In several analyses, both the healthcare payer and societal persp

In several analyses, both the healthcare payer and societal perspectives were used,[33–40] whereas other studies were conducted from either a societal[41,42] or a healthcare payer

perspective.[43] CDK and cancer Two studies adopted a ‘limited societal’ perspective, which excluded indirect costs but included out-of-pocket medical expenses along with other direct medical costs.[44,45] Some studies focused only on RIX4414,[36,37,42–44] while others also included indirect comparisons with the pentavalent rotavirus vaccine[34,35,38,39,41,45] or, in some cases, the universal rotavirus vaccination program being evaluated allowed for the use of either RIX4414 or the pentavalent rotavirus vaccine.[33,40,45] A wide range of results was reported across the cost-effectiveness analyses, which appears to be related, at least in part, to the substantial heterogeneity among the models used in the studies. The Entospletinib analyses typically showed that the cost of a universal rotavirus vaccination program was partly offset by reductions in RVGE-related healthcare resource use and that the program was associated with quality-adjusted life-year (QALY) gains. However, the universal rotavirus vaccination program was deemed to be cost effective from the perspective of the healthcare payer only in some studies,[36,37,42,43] but not in others,[33–35,38–40,43]

when applying commonly reported cost-effectiveness thresholds, such as €20 000–50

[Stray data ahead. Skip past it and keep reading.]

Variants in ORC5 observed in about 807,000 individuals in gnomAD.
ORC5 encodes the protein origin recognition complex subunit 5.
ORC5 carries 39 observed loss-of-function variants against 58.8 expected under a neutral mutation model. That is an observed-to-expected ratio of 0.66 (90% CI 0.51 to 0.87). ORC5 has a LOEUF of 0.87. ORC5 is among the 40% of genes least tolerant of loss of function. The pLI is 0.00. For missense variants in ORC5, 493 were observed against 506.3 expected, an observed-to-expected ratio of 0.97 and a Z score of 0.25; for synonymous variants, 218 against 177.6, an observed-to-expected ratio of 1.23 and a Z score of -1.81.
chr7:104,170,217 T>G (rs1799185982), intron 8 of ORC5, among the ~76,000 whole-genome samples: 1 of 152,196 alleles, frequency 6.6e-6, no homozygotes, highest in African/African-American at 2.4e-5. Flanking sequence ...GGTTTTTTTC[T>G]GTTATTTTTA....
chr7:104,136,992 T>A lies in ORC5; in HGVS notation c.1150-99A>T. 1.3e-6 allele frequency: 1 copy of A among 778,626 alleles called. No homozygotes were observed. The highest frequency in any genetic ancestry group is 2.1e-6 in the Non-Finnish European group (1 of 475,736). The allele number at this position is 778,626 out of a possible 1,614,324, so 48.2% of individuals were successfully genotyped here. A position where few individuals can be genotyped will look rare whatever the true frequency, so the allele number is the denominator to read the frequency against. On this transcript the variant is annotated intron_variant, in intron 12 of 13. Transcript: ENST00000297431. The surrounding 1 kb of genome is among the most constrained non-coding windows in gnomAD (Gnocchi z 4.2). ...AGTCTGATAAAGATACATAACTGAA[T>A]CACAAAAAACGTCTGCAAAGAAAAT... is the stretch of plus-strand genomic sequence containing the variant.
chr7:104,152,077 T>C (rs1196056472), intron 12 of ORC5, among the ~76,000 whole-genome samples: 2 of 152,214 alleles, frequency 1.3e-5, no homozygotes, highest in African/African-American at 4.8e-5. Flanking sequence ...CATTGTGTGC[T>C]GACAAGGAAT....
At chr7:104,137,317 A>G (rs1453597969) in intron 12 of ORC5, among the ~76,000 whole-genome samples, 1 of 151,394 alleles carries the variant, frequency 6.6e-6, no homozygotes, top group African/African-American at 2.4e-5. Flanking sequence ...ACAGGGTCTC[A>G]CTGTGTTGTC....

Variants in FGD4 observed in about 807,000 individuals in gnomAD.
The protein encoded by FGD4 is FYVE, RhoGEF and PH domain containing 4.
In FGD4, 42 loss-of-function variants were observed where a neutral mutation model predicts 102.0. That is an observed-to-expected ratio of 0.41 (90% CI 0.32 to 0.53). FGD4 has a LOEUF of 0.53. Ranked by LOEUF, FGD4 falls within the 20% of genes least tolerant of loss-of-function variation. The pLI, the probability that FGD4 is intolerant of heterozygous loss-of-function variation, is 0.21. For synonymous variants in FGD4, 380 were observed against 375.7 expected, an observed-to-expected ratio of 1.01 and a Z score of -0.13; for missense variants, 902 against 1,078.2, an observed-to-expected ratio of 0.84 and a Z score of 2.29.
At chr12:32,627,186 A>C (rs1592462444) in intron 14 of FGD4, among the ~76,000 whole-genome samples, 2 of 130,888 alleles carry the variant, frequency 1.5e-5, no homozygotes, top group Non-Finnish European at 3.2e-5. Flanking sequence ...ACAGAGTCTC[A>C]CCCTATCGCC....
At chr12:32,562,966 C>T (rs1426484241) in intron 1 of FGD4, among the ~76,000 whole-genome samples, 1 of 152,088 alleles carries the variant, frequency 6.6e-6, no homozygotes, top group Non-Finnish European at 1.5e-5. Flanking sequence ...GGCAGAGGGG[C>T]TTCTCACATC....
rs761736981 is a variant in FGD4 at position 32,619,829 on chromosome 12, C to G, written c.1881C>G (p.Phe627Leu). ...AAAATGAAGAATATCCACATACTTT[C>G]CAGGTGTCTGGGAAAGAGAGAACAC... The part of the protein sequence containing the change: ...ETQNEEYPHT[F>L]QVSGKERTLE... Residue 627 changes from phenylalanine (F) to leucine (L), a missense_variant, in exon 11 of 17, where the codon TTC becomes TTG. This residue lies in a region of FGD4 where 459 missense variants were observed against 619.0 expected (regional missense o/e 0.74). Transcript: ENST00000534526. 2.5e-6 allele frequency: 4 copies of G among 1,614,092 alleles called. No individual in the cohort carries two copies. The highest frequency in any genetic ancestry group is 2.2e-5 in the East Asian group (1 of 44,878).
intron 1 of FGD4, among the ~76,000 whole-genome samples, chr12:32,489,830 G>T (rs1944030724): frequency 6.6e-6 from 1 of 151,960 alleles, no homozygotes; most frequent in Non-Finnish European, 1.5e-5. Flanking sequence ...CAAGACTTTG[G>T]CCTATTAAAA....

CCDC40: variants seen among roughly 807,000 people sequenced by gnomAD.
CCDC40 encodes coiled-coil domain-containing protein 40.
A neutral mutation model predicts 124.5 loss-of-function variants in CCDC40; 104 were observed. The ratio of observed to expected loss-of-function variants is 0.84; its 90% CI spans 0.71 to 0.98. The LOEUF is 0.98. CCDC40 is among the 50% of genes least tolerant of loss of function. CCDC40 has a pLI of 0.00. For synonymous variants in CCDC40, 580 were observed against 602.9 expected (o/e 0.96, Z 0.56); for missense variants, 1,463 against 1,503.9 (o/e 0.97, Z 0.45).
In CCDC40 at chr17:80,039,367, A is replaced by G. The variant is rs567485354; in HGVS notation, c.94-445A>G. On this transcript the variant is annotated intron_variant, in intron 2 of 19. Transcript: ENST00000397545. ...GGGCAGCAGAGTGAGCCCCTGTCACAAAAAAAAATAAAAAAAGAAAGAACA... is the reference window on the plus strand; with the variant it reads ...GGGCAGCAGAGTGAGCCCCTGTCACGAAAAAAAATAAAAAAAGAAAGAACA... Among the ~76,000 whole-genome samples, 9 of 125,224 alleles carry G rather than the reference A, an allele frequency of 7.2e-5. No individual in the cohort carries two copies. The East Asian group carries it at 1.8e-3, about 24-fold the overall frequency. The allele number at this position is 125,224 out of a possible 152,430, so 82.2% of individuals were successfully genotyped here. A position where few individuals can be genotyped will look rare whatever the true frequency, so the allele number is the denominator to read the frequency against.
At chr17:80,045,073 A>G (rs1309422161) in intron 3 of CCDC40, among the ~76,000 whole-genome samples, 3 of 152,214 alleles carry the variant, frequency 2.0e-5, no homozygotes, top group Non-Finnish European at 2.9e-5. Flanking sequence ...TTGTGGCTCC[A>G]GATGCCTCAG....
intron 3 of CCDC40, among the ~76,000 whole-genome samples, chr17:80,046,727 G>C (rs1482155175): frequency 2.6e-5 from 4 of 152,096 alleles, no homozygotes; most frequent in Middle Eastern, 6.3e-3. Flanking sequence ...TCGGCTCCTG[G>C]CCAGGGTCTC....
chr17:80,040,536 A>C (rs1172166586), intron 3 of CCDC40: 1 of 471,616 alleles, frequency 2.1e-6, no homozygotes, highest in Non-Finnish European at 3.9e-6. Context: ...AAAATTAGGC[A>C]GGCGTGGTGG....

000, $US50 000, or £20 000–30 000 per QALY gained.[46–49] A consistent finding across studies that were conducted from both a healthcare payer and a societal (or ‘limited societal’) perspective was that incremental cost-effectiveness ratios (ICERs) were more favorable from a societal perspective,[33–40,43] as might be expected because additional costs associated with RVGE (e.g. out-of-pocket medical expenses and/or lost productivity of parents of children who develop RVGE) were included. Another consistent finding of the studies was that, compared with no universal vaccination program, ICER values for a two-dose oral series Cyclooxygenase (COX) of rotavirus vaccine RIX4414 were more favorable than those for a three-dose oral series of pentavalent rotavirus vaccine when cost effectiveness of the two vaccines was evaluated separately in the same study.[34,35,38,39,41,45] However, modelled analyses directly comparing the two vaccines would require head-to-head clinical trial data, which are currently lacking. In addition, there are inherent uncertainties in comparing ICER values of the available rotavirus vaccines because of the tender process that would be used to establish the vaccine price in a universal program. Although results of the cost-effectiveness analyses were sensitive to a number of parameters, which often varied between studies, there were also some common findings in the sensitivity analyses.

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